Destination: Bull Head Mountain, Clarendon. The reputed site of the centre of Jamaica.
Having already been to the easternmost and westernmost points of the island, it presented an attractive opportunity to discover another landmark. I’d intended to go before, but the trip just didn’t come together, so hearing there was to be a festival and hike on Ash Wednesday, I did everything to ensure the trip happened.
This trip, like most others, started with me having no clue about how to get to the destination. It was going to be another day of asking around and going with the flow.
Armed with the names of several communities through which we were expected to pass, my friend Traci and I set out from Kingston at 9 a.m. to catch the 11 a.m. start of a 5K hike (we were off to a bad start leaving that late). We took Highway 2000 all the way to May Pen, then drove on to Chapelton. After this, we relied on directions from people we passed and panicked calls to a work colleague.
It’s a mostly uphill drive, passing through communities such as Summerfield, Pennants, Pumpkin and Red Land. The countryside is lush, roads winding, but good for the most part, and the communities make you want to use words like ‘village’. It’s idyllic and the drive alone through that section of the island is worth the trip, especially if you have the added bonus of saying you visited a place called Pumpkin.
From Chapelton, it’s just a matter of remaining on the main road, until you get to Pumpkin, where you make a right, crossing a Bailey Bridge. We managed to miss the turn, while congratulating ourselves on not getting lost, but realised the mistake less than a kilometre away. We also missed the right turn up the mountain when we got to Recford, again because we weren’t paying attention. Again we caught the slip-up almost immediately. So, I’d say it’s a relatively straightforward and smooth drive to Recford. However, going up the mountain in a Subaru Impreza, was not the best idea. There was some skidding and a whole lot of misgiving, but we had come this far, so we persevered. I’d recommend some kind of SUV or other sturdy vehicle, although many cars did make it up the mountain.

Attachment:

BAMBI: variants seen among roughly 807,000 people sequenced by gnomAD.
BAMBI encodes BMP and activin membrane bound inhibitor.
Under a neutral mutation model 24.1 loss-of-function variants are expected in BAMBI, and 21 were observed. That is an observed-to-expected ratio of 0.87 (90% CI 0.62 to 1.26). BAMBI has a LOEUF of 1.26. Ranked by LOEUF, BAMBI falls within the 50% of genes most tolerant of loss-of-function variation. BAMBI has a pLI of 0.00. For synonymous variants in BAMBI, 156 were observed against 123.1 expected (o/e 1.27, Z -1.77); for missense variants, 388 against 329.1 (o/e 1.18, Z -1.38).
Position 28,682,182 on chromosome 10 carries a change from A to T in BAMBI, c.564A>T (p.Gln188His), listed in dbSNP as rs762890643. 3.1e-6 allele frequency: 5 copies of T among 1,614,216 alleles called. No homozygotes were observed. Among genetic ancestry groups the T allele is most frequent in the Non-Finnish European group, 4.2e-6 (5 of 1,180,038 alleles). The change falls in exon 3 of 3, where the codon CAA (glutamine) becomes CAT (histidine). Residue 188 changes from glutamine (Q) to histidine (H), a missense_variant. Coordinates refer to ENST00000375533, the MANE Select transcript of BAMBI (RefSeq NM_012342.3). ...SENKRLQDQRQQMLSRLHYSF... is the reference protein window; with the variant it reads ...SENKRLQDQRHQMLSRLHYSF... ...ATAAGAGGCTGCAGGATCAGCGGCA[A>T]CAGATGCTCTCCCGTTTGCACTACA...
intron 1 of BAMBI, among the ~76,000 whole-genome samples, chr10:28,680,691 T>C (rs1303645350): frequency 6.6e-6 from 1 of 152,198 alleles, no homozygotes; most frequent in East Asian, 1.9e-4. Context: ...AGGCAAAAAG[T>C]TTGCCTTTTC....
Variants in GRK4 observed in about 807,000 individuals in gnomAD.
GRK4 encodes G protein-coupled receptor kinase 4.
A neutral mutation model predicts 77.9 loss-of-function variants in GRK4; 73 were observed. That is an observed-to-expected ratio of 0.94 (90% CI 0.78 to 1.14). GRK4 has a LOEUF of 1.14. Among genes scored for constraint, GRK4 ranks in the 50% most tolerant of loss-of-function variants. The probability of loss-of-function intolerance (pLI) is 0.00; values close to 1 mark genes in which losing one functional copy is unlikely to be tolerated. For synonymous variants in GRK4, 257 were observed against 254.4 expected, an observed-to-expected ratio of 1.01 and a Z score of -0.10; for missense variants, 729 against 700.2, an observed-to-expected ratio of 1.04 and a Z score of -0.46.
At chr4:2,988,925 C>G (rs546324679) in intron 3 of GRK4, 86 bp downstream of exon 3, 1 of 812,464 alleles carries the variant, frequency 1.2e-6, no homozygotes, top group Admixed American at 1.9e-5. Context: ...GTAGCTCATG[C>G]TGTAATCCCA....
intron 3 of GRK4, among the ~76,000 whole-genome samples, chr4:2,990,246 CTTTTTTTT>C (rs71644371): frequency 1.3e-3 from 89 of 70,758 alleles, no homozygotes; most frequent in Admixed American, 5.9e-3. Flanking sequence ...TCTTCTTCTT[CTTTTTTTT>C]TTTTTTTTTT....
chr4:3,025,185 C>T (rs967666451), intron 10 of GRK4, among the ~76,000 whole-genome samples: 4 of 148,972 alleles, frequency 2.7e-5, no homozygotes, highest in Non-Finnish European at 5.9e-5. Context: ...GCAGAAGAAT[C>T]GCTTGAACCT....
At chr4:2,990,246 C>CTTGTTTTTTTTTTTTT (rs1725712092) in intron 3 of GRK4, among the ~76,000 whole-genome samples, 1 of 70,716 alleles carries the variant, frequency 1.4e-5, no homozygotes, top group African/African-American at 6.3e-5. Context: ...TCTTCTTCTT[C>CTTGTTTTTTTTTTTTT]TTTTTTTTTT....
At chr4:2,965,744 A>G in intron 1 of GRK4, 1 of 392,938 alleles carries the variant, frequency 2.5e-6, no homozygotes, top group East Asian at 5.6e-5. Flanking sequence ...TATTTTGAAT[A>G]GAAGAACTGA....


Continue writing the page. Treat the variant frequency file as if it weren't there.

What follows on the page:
Once there, we realised much to our pleasure that the event was taking place on Jamaican Time and so while about 20 minutes late, we were among the first at the venue. However, friendly chit chat from other early birds kept us entertained until the 5K which started close to the top of the mountain and required us to go halfway down the mountain and back. I was the first woman to return. Oh, by the way Traci says I should ensure I add that she was second.
While there was some entertainment on the stage and many festival-like activities taking place, my primary interest was in seeing the mountain. A guided tour by a very knowledgeable policeman, helped us to know more about the area. Bull Head mountain is a watershed under threat from frequent fires. It’s mainly a pine forest, with the pines planted by the Forestry Department to protect the watershed, however, there were signs of several fires. A very moderate walk took us to the peak, from the location of the festival in less than 20 minutes. The greatest area of difficulty was just at the peak.
The views are panoramic, you can see into Kingston, Manchester and St. Catherine. It was a bit overcast on our visit, but was still breathtaking, especially at the peak where it is practically a 360 degree view. There’s a monument there to mark the peak.
Bull Head Mountain also has a second monument, marking the centre of Jamaica. So, while I have not been to the centre of the earth, I have proof I’ve been to the centre of Jamaica…and it was beautiful.